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Indiana men’s basketball: Well, now what?

The Hoosiers have hit rock bottom. But there’s still plenty of season left.

NCAA Basketball: Minnesota at Indiana Trevor Ruszkowski-USA TODAY Sports

For all intents and purposes, Indiana’s season is over.

It could’ve and probably should’ve happened before this in close calls to Army and Morehead State. The other close call was against Kansas, when we saw what this team had the potential to be when firing on all cylinders.

But that’s not what Indiana is. It’s the team that almost lost to the Black Knights and Golden Eagles on its home floor.

Indiana is a lot of things as a program and perennial tournament absentee is not a label anyone involved would like to stick. There’s too much history here and the resources are too vast to come up with a return like this.

It was hard to see this team straight up missing the tournament because of all its talent. But its lack of experience across the roster, need to establish chemistry and overall composition would be what kept it from being great rather than middle of the pack.

Instead those issues have proven to be vast chasms these Hoosiers were unable to overcome to be even serviceable. Absolutely nothing is working out on the court on a consistent basis.

They should be able to out-talent their opponents but that hasn’t been the case against inferior competition on paper.

Kel’el Ware and Malik Reneau are among the better frontcourts in the Big Ten. Issue being they play together in a way that doesn’t necessarily work or fit the modern game and the guards haven’t been good enough to get them the ball.

Trayce Jackson-Davis, among the best men’s basketball players to suit up here, was able to succeed because he could create more for himself and others by his senior year and had a future NBA draftee as the Robin to his Batman.

This year, the frontcourt lacks that kind of experience and relies more on a less capable platoon of guards. Even when the backcourt has been fully healthy and available (which in reality it hasn’t all season with Jakai Newton’s injury in mind) it hasn’t been up to the task.

On defense, this year’s roster simply has less miles on it and has had to learn the system on the fly rather than have a year in it as starters.

Then there’s the issue that has plagued Indiana for what almost feels like a decade at this point: a lack of perimeter shooting. The Hoosiers don’t play a particularly modern brand of basketball because they shoot less from deep than almost any other team in the country.

Why? Well there’s not a lot of players who can make those shots. Why? Well that’s the roster Indiana ended up with after whiffing on guard talent during the past portal cycle. How’d they whiff? The style of play isn’t exactly conducive to perimeter play.

Nothing really works. It’s enough general breakdown that the talent can’t win out on talent alone.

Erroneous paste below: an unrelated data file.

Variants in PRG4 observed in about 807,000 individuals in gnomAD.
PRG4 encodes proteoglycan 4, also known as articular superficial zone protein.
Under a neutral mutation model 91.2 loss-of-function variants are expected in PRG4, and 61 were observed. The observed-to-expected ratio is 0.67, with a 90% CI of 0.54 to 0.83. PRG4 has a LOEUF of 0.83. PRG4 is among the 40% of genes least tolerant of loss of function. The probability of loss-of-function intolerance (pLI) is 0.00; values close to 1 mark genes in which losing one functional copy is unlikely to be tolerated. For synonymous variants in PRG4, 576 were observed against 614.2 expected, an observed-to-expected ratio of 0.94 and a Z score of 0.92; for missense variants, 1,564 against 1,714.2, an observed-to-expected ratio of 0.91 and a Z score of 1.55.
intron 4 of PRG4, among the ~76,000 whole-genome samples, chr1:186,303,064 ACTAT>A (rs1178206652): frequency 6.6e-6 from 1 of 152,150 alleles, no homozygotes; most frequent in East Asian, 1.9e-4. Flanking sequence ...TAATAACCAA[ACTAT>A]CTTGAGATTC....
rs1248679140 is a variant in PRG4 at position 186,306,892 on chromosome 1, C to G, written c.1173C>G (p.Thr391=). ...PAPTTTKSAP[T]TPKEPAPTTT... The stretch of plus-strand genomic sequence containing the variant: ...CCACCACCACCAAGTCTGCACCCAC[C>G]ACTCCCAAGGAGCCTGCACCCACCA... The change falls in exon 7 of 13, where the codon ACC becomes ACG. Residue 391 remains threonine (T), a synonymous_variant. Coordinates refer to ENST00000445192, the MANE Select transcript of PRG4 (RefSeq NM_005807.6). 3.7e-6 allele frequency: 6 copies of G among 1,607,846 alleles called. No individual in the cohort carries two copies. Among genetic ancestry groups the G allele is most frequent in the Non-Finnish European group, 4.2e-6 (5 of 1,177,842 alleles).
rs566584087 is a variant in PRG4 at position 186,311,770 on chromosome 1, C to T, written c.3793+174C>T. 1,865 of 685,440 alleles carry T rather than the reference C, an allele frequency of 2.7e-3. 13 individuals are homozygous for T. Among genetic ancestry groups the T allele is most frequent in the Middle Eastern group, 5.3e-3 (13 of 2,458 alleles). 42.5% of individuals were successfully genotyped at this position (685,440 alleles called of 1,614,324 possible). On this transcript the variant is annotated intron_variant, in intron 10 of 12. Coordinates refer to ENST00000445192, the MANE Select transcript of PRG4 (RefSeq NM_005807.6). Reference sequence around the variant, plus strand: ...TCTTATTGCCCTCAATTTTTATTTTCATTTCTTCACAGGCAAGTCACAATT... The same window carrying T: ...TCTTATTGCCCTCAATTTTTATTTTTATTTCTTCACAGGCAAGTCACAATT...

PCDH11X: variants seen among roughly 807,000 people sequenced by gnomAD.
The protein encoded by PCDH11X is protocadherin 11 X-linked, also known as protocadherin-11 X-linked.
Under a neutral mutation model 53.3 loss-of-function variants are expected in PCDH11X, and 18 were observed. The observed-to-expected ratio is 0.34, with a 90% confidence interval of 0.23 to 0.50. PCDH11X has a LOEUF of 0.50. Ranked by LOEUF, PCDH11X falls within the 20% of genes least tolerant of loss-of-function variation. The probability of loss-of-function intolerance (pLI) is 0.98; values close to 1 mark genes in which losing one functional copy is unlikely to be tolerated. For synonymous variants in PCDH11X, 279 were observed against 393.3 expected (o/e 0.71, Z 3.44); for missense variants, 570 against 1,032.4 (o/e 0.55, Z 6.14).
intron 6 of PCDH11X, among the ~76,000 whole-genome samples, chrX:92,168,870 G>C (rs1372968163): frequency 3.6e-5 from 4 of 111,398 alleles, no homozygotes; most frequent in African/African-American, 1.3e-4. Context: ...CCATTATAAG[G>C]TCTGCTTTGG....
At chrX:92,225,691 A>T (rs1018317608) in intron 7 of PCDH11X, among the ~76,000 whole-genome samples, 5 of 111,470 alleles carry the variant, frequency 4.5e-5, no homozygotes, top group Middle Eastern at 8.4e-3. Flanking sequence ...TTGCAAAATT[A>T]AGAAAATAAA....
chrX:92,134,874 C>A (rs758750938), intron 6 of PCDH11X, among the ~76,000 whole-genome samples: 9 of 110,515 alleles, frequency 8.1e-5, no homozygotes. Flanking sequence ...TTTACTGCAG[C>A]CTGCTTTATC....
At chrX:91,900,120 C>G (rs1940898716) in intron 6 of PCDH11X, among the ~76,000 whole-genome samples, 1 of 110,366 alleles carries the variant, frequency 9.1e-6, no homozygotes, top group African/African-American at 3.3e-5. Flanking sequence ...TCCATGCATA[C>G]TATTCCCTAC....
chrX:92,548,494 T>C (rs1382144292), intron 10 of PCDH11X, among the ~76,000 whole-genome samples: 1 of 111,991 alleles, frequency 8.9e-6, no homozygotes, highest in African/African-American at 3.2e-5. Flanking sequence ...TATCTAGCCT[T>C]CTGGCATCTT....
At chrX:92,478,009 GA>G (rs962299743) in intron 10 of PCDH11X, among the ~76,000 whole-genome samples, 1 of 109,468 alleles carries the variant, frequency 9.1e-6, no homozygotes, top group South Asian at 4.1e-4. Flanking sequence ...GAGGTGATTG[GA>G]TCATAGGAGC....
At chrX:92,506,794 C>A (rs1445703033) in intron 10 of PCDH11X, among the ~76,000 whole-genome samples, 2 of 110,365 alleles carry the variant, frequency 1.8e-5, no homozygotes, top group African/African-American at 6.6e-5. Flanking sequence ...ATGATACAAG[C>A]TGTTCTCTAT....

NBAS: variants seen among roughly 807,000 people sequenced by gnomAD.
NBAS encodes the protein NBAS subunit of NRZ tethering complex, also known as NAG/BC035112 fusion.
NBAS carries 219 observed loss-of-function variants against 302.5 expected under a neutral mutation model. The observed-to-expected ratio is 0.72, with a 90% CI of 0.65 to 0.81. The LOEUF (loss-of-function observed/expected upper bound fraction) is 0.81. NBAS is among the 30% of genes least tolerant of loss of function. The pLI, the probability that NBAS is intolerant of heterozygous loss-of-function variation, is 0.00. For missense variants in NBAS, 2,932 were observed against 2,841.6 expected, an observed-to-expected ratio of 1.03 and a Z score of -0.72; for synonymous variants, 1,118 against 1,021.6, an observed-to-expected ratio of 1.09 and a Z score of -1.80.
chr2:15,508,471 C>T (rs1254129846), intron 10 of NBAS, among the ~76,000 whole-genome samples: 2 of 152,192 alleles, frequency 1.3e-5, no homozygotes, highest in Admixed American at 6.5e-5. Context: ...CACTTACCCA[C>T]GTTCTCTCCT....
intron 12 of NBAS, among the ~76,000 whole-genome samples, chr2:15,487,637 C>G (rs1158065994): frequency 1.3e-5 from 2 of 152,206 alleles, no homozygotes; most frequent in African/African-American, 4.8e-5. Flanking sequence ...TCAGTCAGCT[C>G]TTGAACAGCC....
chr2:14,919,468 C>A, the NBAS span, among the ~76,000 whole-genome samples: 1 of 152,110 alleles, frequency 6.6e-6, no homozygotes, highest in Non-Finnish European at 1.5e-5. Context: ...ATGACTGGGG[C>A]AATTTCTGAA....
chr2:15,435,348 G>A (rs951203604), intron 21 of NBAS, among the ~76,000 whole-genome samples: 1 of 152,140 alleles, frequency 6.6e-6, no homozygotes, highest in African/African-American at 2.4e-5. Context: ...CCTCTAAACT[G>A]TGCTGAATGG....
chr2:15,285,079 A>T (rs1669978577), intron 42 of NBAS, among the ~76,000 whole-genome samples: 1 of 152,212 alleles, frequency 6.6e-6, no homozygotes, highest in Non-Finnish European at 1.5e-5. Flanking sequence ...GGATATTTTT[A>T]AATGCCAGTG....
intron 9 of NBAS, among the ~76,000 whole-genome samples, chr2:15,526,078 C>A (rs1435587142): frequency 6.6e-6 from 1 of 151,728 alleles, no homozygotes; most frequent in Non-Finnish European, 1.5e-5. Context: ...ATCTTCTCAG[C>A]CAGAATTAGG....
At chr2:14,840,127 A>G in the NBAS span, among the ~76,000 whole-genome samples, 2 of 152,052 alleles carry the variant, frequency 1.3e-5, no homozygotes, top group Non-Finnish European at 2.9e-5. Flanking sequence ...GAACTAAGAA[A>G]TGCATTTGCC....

Indiana’s point guard thrives off of having enough space to attack the rim off the dribble. He has to share the floor with two bigs that make that substantially more difficult because they’re most effective in the interior.

The other two (again, roster construction) guards who get substantial playing time are in roles that ask them to perform beyond what they’ve shown to be capable of. Trey Galloway was a better shooter under less pressure and lower on the list of options. Gabe Cupps is a true freshman.

None of them can reliably shoot. Mackenzie Mgbako can hit some tough shots but, like the other members of the frontcourt, needs someone else to get him the ball.

And, because of the above, Indiana’s two (really three with Mgbako at the wing) bigs have issues getting the ball. The “beat them with size” approach Indiana is going for fails because that size can’t get the ball on a consistent basis.

That’s the closest Indiana has come to establishing an identity as a team and it just hasn’t been good enough.

So that leads us to this conclusion: the brand of basketball Indiana has played for three years, with an emphasis on two true bigs in the frontcourt, is not going to work long term.

Indiana should make some changes now, with absolutely no stakes, rather than wait for the offseason to have a realization.

Instead of dumping the ball inside, just start running plays for the perimeter guys. Have more lineups of just one of either Ware or Reneau at the five with either of Mgbako or Walker at the four. Essentially a lot of what happened at Illinois.

Run out three guards with them. Galloway is ideally a wing but has had to fill the shoes of both a two and a one. Get shots for the perimeter guys, being Galloway, Leal, Gunn and Cupps.

It could work! It could fail. Does it truly matter at this point? No, not in the now.

But in the offseason when the staff is hosting prospects in the portal or on the phone, they’ll have tangible plays and concepts to point to instead of ideas. Proof of concept, the same way they’ve touted everything Jackson-Davis achieved with frontcourt recruits.

Indiana needs guards and what it has to show off right now isn’t good enough. Adapt or be left in the dust.

Don’t wait.